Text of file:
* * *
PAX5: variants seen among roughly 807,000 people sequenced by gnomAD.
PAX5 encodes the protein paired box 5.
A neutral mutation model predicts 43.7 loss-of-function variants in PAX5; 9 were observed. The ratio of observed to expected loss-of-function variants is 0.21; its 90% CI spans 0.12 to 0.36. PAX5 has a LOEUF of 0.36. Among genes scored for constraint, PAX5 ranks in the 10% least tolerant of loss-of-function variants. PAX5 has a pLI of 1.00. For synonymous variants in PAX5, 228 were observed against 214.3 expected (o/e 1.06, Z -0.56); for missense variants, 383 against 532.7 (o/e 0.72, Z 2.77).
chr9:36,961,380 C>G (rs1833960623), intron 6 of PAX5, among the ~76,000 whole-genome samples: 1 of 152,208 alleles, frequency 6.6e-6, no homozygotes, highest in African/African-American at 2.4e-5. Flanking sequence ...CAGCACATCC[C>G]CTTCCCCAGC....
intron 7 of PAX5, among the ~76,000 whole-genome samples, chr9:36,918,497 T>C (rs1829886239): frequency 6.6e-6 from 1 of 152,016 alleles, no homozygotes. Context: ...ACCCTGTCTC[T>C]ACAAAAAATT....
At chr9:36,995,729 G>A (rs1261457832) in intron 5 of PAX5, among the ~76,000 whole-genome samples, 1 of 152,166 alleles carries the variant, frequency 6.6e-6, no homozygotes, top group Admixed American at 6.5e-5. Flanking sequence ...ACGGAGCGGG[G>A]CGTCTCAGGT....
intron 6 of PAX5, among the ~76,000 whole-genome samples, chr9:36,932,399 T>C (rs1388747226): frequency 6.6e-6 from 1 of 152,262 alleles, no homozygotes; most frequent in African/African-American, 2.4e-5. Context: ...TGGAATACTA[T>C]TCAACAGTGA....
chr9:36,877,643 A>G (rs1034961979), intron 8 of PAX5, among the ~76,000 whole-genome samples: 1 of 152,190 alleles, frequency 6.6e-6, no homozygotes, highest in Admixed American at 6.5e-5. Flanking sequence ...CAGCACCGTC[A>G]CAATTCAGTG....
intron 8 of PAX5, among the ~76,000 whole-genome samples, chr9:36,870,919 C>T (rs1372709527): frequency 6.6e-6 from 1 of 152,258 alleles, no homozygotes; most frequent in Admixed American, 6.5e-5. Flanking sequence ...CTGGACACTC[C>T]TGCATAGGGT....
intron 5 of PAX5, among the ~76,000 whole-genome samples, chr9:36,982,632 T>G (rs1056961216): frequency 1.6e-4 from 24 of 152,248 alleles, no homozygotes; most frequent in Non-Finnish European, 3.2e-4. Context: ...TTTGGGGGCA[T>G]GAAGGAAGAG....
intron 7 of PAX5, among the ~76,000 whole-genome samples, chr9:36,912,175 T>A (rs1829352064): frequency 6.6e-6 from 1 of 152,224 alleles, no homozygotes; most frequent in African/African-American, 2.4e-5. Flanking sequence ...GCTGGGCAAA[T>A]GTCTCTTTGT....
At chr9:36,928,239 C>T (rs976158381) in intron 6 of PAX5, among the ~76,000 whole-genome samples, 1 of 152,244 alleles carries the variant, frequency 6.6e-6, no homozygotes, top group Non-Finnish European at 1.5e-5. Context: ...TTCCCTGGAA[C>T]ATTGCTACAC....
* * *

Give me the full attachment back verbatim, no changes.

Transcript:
PAX5: variants seen among roughly 807,000 people sequenced by gnomAD.
PAX5 encodes the protein paired box 5.
A neutral mutation model predicts 43.7 loss-of-function variants in PAX5; 9 were observed. The ratio of observed to expected loss-of-function variants is 0.21; its 90% CI spans 0.12 to 0.36. PAX5 has a LOEUF of 0.36. Among genes scored for constraint, PAX5 ranks in the 10% least tolerant of loss-of-function variants. PAX5 has a pLI of 1.00. For synonymous variants in PAX5, 228 were observed against 214.3 expected (o/e 1.06, Z -0.56); for missense variants, 383 against 532.7 (o/e 0.72, Z 2.77).
chr9:36,961,380 C>G (rs1833960623), intron 6 of PAX5, among the ~76,000 whole-genome samples: 1 of 152,208 alleles, frequency 6.6e-6, no homozygotes, highest in African/African-American at 2.4e-5. Flanking sequence ...CAGCACATCC[C>G]CTTCCCCAGC....
intron 7 of PAX5, among the ~76,000 whole-genome samples, chr9:36,918,497 T>C (rs1829886239): frequency 6.6e-6 from 1 of 152,016 alleles, no homozygotes. Context: ...ACCCTGTCTC[T>C]ACAAAAAATT....
At chr9:36,995,729 G>A (rs1261457832) in intron 5 of PAX5, among the ~76,000 whole-genome samples, 1 of 152,166 alleles carries the variant, frequency 6.6e-6, no homozygotes, top group Admixed American at 6.5e-5. Flanking sequence ...ACGGAGCGGG[G>A]CGTCTCAGGT....
intron 6 of PAX5, among the ~76,000 whole-genome samples, chr9:36,932,399 T>C (rs1388747226): frequency 6.6e-6 from 1 of 152,262 alleles, no homozygotes; most frequent in African/African-American, 2.4e-5. Context: ...TGGAATACTA[T>C]TCAACAGTGA....
chr9:36,877,643 A>G (rs1034961979), intron 8 of PAX5, among the ~76,000 whole-genome samples: 1 of 152,190 alleles, frequency 6.6e-6, no homozygotes, highest in Admixed American at 6.5e-5. Flanking sequence ...CAGCACCGTC[A>G]CAATTCAGTG....
intron 8 of PAX5, among the ~76,000 whole-genome samples, chr9:36,870,919 C>T (rs1372709527): frequency 6.6e-6 from 1 of 152,258 alleles, no homozygotes; most frequent in Admixed American, 6.5e-5. Flanking sequence ...CTGGACACTC[C>T]TGCATAGGGT....
intron 5 of PAX5, among the ~76,000 whole-genome samples, chr9:36,982,632 T>G (rs1056961216): frequency 1.6e-4 from 24 of 152,248 alleles, no homozygotes; most frequent in Non-Finnish European, 3.2e-4. Context: ...TTTGGGGGCA[T>G]GAAGGAAGAG....
intron 7 of PAX5, among the ~76,000 whole-genome samples, chr9:36,912,175 T>A (rs1829352064): frequency 6.6e-6 from 1 of 152,224 alleles, no homozygotes; most frequent in African/African-American, 2.4e-5. Flanking sequence ...GCTGGGCAAA[T>A]GTCTCTTTGT....
At chr9:36,928,239 C>T (rs976158381) in intron 6 of PAX5, among the ~76,000 whole-genome samples, 1 of 152,244 alleles carries the variant, frequency 6.6e-6, no homozygotes, top group Non-Finnish European at 1.5e-5. Context: ...TTCCCTGGAA[C>T]ATTGCTACAC....